One of the most anticipated rites of passage for teenagers is obtaining a driver's license. But this exciting life event also presents many risks for teens — and even more worries for parents. Especially when you consider that motor vehicle crashes are the leading cause of death among 15 to 20-year-olds.
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At Verne Hart Insurance, we understand the importance of keeping your loved ones safe. So before you hand over the keys to your new or soon-to-be teenage driver, consider these six auto safety and insurance tips.
Don't Skimp on Practice Hours
We’ve all heard the saying, “Practice makes perfect.” While “perfect” may be a bit of an overstatement, driving is a complex skill that must be practiced to be learned well. Practice should come in two forms: state-required driver’s education and parental driver’s education.
State-required driver’s education: Every state has graduated driver's license laws that usually include a three-phase program. These Graduated Driver Licensing (GDL) programs not only help teens learn the rules of the road, but also helps them gain much-needed experience before obtaining full driving privileges.
Parental driver’s education: In addition to completing an approved driver training course, many states require drivers under the age of 18 to hold an instruction permit for at least six months and certify that they’ve had at least 50 hours of supervised driving practice. Check with you local DMV to learn more about your state's exact driving requirements for teenagers.
Teaching your teen to drive is the perfect opportunity to spend some one-on-one time together. It will also help ensure that they not only learn the general rules of the road, but also your rules. For the best results, make sure your teen gets experience driving in a variety of different conditions.
Create an Agreed Upon Set of Rules
Some of the leading causes of teen crashes include driving with other teen passengers, nighttime driving and distracted driving. To help prevent these incidents from occurring, many parents like to enforce their own set of driving rules. Your rules may include things like:
Only one passenger at a time
Turn off your cell phone while driving
No eating in the car
No loud music
Whatever rules you deem fit, make sure your teen driver knows exactly what you expect of them before they get behind the wheel.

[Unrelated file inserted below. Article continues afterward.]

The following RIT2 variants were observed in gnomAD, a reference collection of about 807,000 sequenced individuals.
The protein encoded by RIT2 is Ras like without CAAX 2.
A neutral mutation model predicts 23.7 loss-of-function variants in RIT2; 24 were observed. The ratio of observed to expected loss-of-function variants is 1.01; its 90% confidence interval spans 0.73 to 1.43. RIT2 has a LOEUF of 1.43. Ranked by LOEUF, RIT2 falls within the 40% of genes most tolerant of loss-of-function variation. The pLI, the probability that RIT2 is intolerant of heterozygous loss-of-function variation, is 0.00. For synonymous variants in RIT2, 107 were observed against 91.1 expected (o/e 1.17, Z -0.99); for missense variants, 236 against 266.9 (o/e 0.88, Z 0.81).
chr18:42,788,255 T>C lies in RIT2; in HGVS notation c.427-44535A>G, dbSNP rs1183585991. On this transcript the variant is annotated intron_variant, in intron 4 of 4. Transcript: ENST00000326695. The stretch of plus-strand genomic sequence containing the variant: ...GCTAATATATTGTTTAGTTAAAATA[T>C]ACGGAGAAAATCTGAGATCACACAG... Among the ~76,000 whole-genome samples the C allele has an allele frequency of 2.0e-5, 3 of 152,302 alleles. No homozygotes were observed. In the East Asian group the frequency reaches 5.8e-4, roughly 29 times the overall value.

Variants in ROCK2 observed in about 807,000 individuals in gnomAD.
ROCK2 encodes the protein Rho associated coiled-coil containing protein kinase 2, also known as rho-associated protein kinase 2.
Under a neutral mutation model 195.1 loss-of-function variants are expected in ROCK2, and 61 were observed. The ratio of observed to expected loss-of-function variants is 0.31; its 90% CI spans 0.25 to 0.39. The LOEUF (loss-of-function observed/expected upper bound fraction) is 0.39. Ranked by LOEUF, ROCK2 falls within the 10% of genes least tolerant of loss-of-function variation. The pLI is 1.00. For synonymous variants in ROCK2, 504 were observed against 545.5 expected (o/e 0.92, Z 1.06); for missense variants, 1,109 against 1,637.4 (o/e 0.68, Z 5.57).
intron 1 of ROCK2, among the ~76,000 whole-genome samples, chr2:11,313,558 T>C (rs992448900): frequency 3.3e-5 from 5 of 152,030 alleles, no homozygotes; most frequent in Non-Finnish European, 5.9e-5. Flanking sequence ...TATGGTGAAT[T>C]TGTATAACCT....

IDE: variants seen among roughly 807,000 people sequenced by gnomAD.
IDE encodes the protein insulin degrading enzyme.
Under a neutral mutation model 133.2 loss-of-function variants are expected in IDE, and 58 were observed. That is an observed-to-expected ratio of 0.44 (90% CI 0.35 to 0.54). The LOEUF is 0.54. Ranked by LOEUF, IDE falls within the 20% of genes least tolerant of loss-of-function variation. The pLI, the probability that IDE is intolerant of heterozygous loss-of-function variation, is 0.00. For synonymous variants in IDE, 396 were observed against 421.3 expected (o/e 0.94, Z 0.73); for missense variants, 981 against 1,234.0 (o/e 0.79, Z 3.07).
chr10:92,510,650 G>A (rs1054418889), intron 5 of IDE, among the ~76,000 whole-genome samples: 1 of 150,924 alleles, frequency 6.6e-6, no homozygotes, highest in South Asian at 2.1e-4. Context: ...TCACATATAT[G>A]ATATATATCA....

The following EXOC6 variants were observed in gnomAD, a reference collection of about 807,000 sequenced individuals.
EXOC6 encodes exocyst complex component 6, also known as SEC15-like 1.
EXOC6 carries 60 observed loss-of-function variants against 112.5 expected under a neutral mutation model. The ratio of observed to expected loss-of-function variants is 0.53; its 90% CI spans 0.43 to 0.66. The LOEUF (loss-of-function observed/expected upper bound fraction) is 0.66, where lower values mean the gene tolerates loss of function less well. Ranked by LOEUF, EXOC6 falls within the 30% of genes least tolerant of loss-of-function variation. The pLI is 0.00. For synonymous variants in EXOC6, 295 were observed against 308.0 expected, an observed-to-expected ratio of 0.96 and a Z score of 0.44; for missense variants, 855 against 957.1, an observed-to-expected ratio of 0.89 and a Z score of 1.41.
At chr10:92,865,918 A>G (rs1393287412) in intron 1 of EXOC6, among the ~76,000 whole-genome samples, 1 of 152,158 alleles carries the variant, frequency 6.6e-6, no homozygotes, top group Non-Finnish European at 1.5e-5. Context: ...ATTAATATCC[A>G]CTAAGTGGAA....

Be A Good Role Model
Modeling safe driving is an essential part of ensuring your teen grows up to be a safe-driving adult. New drivers learn by example.
Consider the Safety Rating of Your Vehicle
Choosing the right vehicle can make all the difference in the world! Avoid sports cars and vehicles that are prone to rollovers. If possible, choose a vehicle with the latest safety equipment and driver assist features such as anti-lock brakes, electronic stability control, forward collision warning and autonomous emergency braking. Most importantly, make sure they drive a vehicle with an excellent crash safety record.
As a parent, you may also be wondering how much your auto insurance premiums will increase when your teen begins driving. Auto insurance rates for teenage drivers tend to be higher than other drivers, mainly because as a group teenagers pose a higher risk of accidents. Fortunately, there are a few tips to help keep costs down when selecting car insurance for teenagers.
Add Your Teen to Your Auto Insurance Policy
It’s almost always cheaper to add your teenager to your own auto insurance policy, rather than purchase a second stand-alone policy. There are a number of ways to save money when adding a teen to your auto insurance policy.
If you previously had only one vehicle in your household, with the purchase of a vehicle for your teen you may qualify for a multi-vehicle discount.
Vehicles with high safety ratingscost less to insure. Another reason why picking the right vehicle for your teen is so important.
You can typically lower your premiums by increasing your deductible.
Teens can also do their part to help parents save money on auto insurance:
Many car insurance companies offer good student discounts to teens that make good grades (typically a 3.0 or higher).
Complete a driver’s education course. Even if your state doesn’t require driver’s ed, you may be eligible for a discount if your teen completes the program.
Consider Increasing Your Liability Insurance or Adding an Umbrella Insurance Policy
If you have never considered umbrella insurance before, there’s no better time than with the addition of teenage drivers. If your teen is found negligent in an accident and the damages exceed your insurance limits, you are held financially responsible for the remaining amount not covered by your insurance. This is where umbrella insurance may come into play. It is essentially extra liability insurance designed to help protect you from major claims and lawsuits. Think of umbrella insurance as your potential safeguard against potential financial hardship.
For more information on your auto policy, call Verne Hart Insurance at 740-387-0643!